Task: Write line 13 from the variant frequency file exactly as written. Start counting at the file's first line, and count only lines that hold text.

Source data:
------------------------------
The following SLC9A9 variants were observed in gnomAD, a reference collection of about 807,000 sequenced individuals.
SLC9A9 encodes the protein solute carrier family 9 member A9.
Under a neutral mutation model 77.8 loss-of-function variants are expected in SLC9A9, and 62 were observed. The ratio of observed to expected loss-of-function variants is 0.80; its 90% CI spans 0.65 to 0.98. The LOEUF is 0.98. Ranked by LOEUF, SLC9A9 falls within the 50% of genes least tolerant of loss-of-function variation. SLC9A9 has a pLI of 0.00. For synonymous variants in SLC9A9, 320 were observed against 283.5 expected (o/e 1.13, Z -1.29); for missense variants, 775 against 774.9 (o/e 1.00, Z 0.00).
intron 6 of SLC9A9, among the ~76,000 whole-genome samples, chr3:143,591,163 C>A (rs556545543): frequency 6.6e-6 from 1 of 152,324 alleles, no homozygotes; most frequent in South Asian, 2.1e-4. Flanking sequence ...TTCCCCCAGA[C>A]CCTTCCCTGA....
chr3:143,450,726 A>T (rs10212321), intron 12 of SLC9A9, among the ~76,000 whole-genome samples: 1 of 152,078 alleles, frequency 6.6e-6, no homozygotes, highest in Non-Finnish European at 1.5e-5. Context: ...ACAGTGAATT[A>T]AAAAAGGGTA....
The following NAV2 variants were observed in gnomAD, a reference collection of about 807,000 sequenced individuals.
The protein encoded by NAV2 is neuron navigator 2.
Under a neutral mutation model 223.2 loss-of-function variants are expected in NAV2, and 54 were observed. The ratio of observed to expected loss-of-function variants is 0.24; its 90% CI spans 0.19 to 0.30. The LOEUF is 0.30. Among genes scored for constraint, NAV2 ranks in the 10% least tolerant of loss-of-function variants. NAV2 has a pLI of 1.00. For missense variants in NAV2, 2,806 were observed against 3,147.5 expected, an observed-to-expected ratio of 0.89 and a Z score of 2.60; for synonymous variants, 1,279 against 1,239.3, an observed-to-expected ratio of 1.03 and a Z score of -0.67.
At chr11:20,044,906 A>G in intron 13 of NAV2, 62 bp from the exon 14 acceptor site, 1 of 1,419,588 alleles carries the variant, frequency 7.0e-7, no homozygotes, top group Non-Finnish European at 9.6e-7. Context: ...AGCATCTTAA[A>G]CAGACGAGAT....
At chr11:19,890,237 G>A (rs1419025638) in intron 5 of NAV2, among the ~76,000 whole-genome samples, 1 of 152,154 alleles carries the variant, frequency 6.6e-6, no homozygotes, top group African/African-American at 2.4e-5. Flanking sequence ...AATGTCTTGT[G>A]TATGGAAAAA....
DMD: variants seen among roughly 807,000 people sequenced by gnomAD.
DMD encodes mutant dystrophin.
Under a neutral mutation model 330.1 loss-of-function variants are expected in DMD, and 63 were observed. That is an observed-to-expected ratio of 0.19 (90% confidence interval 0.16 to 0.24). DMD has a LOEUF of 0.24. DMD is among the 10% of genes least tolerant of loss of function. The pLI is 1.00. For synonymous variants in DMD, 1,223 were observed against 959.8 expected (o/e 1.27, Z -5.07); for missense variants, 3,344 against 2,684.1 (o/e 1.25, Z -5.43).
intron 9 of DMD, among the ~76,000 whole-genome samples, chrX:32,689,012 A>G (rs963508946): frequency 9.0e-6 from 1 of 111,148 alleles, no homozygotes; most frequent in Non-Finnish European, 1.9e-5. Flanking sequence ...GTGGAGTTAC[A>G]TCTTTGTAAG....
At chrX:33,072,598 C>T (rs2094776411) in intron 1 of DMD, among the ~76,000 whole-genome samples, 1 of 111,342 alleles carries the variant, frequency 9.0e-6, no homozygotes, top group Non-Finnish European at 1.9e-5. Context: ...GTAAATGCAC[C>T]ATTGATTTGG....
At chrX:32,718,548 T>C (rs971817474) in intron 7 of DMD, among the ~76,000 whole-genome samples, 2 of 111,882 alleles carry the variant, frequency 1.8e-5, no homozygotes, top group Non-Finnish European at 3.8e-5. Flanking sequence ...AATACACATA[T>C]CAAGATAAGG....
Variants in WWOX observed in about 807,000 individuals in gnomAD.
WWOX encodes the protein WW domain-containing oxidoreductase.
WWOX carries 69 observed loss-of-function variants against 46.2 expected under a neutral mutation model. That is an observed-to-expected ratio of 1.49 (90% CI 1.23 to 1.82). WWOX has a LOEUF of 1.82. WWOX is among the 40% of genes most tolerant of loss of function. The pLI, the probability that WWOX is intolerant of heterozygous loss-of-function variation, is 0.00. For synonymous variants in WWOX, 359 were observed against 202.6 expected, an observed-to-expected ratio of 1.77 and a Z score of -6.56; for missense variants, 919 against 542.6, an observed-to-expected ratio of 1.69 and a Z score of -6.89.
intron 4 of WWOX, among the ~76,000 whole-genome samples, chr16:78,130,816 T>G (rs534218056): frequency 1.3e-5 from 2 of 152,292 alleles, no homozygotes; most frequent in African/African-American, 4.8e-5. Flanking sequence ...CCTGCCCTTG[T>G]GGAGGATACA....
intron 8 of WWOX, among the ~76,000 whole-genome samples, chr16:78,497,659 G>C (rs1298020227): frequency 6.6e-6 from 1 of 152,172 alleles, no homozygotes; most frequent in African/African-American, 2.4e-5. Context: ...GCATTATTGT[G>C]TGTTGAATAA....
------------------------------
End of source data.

Under a neutral mutation model 330.1 loss-of-function variants are expected in DMD, and 63 were observed. That is an observed-to-expected ratio of 0.19 (90% confidence interval 0.16 to 0.24). DMD has a LOEUF of 0.24. DMD is among the 10% of genes least tolerant of loss of function. The pLI is 1.00. For synonymous variants in DMD, 1,223 were observed against 959.8 expected (o/e 1.27, Z -5.07); for missense variants, 3,344 against 2,684.1 (o/e 1.25, Z -5.43).